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James Lawley

James LawleyJames Lawley is a UKCP registered psychotherapist, coach in business, and certified NLP trainer, and professional modeller. He is a co-developer of Symbolic Modelling and co-author (with Penny Tompkins) of Metaphors in Mind: Transformation through Symbolic Modelling. For a more detailed  biography see about us and his blog.

 
Not making decisions for the client
By James Lawley | Published  11 12 2011

The third of four parts of my general feedback to advanced clean facilitators. (See here for the other parts.) 

3. Not making decisions for the client

Suppose a client says:

I can either stop and stay there or move on through the feeling.

What question would you ask, and what would you ask it of?

Whether you ask about “stop”, “stay”, “there” or “move on”, “through” or the “feeling”, you will have made a choice to attend to one ‘side’ of the client’s ‘either/or’ rather the other. Whichever you don’t choose could be more important. Inexperienced facilitators have a tendency to choose one of the options and, once chosen, the path of least resistance is to keep going in the same direction. But then the client does not find out about the other side of their story.

There is an alternative – and it’s much easier. Don’t decide. Why choose when you have so little to base it on? Better to let the client decide. To do this you can simply ask:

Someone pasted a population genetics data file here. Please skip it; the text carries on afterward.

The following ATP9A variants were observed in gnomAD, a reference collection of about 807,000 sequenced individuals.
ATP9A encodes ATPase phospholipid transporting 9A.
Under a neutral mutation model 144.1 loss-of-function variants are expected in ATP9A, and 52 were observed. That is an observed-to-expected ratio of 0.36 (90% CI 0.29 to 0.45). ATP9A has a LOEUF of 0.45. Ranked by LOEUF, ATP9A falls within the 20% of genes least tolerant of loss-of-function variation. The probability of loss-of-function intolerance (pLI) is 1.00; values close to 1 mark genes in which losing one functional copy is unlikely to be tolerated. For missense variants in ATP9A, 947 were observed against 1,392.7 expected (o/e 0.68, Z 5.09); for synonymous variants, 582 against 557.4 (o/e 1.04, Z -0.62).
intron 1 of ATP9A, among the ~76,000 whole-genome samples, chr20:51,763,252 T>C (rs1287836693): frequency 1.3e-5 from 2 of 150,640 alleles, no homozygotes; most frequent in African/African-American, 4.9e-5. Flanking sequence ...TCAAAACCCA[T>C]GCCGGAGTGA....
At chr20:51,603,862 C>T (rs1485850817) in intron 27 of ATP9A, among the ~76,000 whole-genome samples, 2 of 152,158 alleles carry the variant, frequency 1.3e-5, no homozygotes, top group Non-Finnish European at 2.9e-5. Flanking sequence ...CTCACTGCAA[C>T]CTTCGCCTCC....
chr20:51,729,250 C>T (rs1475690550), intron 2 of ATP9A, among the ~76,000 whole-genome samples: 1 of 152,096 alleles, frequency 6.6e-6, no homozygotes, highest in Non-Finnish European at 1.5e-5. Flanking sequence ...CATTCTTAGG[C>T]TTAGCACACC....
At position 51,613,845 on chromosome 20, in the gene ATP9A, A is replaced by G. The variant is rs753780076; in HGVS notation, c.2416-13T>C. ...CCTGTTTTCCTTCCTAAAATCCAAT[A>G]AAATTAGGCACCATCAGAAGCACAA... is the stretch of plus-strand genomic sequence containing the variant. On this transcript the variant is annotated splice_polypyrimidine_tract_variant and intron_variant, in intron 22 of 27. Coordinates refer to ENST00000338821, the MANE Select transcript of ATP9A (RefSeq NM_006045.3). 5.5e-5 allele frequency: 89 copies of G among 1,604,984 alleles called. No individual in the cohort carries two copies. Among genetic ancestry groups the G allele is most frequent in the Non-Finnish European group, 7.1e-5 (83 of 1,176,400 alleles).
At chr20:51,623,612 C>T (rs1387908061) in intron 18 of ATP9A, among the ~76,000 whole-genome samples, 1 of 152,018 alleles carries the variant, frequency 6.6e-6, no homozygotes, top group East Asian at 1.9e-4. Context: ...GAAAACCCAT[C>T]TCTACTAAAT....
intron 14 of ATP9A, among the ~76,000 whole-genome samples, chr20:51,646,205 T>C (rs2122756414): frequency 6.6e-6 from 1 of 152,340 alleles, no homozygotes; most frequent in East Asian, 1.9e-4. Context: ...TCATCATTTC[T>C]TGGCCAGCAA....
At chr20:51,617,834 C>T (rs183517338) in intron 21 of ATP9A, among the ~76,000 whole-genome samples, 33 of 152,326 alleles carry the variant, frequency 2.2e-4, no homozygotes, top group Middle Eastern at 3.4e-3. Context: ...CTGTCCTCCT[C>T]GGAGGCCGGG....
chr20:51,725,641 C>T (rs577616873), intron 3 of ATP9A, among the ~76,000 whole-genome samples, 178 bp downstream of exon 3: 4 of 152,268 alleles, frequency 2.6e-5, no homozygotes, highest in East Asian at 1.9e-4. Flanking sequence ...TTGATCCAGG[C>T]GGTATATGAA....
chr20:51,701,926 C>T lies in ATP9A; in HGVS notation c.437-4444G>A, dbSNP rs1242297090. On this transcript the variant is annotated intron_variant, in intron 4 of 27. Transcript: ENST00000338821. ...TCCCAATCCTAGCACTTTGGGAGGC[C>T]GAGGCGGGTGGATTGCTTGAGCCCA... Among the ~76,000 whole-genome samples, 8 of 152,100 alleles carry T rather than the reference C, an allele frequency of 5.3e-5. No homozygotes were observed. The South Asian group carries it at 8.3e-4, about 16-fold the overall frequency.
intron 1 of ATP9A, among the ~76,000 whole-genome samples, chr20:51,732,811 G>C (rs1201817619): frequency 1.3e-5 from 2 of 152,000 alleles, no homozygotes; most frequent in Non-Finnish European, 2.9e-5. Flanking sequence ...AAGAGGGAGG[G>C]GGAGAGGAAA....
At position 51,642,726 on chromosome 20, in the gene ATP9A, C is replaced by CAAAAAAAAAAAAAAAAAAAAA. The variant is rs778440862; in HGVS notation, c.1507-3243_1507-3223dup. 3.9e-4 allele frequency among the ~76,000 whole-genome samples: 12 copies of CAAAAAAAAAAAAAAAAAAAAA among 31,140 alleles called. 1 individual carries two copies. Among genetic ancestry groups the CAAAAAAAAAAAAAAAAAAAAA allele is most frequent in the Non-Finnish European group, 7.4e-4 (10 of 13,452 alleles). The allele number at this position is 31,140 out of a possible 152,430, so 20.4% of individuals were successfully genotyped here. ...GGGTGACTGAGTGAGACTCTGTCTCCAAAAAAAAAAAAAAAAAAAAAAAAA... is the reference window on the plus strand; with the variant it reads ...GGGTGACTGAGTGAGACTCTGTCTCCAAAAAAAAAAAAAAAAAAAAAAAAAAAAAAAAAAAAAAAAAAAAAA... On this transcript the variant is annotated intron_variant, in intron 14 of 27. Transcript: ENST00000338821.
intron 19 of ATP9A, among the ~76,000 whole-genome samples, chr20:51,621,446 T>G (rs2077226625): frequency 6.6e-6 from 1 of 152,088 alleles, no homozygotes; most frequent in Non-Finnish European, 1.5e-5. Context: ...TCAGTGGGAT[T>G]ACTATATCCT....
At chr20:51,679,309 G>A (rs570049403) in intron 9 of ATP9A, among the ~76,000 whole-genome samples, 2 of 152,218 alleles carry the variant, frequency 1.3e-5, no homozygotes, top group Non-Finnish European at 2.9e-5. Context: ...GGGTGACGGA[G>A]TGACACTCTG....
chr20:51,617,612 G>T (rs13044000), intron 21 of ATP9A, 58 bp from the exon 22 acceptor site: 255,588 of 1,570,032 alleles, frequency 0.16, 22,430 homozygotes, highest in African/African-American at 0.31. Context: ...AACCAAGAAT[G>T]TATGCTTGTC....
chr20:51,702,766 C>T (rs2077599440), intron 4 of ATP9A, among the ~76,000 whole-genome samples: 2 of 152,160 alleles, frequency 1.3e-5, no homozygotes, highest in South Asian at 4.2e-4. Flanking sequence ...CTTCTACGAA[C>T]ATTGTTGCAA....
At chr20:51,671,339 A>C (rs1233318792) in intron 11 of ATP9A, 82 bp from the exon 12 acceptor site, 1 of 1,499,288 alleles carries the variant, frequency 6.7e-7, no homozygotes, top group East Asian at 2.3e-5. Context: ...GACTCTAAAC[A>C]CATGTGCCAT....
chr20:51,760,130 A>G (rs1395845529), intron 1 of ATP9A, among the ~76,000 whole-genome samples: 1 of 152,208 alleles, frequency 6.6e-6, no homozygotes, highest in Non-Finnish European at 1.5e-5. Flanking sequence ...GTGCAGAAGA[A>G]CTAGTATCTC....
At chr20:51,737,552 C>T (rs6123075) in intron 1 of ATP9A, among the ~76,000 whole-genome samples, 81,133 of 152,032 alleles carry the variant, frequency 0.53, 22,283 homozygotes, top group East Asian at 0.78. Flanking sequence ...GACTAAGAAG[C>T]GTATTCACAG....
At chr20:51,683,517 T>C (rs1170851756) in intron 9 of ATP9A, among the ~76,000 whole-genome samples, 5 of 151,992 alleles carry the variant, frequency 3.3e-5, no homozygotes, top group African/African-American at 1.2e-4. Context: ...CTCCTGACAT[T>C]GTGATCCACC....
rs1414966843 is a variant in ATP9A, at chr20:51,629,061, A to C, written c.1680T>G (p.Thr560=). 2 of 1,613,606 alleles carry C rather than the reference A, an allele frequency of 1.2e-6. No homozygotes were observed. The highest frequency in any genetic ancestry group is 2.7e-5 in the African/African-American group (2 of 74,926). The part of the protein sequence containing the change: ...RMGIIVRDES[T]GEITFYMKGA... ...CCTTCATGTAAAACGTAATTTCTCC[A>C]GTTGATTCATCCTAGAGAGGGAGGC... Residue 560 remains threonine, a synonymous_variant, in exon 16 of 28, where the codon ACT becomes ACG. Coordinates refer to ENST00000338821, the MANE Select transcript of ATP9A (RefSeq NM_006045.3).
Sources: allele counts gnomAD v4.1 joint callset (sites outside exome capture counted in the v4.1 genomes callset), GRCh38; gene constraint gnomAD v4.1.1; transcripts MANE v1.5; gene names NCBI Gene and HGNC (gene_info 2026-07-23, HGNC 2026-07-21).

a. And when you can either stop and stay there or move on through the feeling,
is there anything else about either stop and stay there or move on through?

In this way you facilitate the client to consider both sides together. Then you notice whether they go one way or the other or stay at the relationship level. If they chose one, always note the the other, and later in the session come back and check the choice not taken – the road not travelled.

There are other questions you could ask which don’t choose for the client, and here are two:

b. And when you can either stop and stay there or you can move on through the feeling, what would you like to have happen?

I would consider this question if it seemed the client didn’t know which choice to take and that gave them a dilemma (i.e. a Problem in the PRO model). If you choose one or the other, you may ‘solve’ this particular dilemma for the moment, but what will they have learned about handling dilemmas? Probably not much. Better to ask 'what would you like to have happen?' of the dilemma.

c. And when you can either stop and stay there or you can move on through the feeling, then what happens?

This is a clever question because by moving time forward the client finds out what happens next. We know they “can” do either, but what do they actually do?

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Next is is probably the most advanced of the four blogs in this series: How to track where the client is perceiving from.

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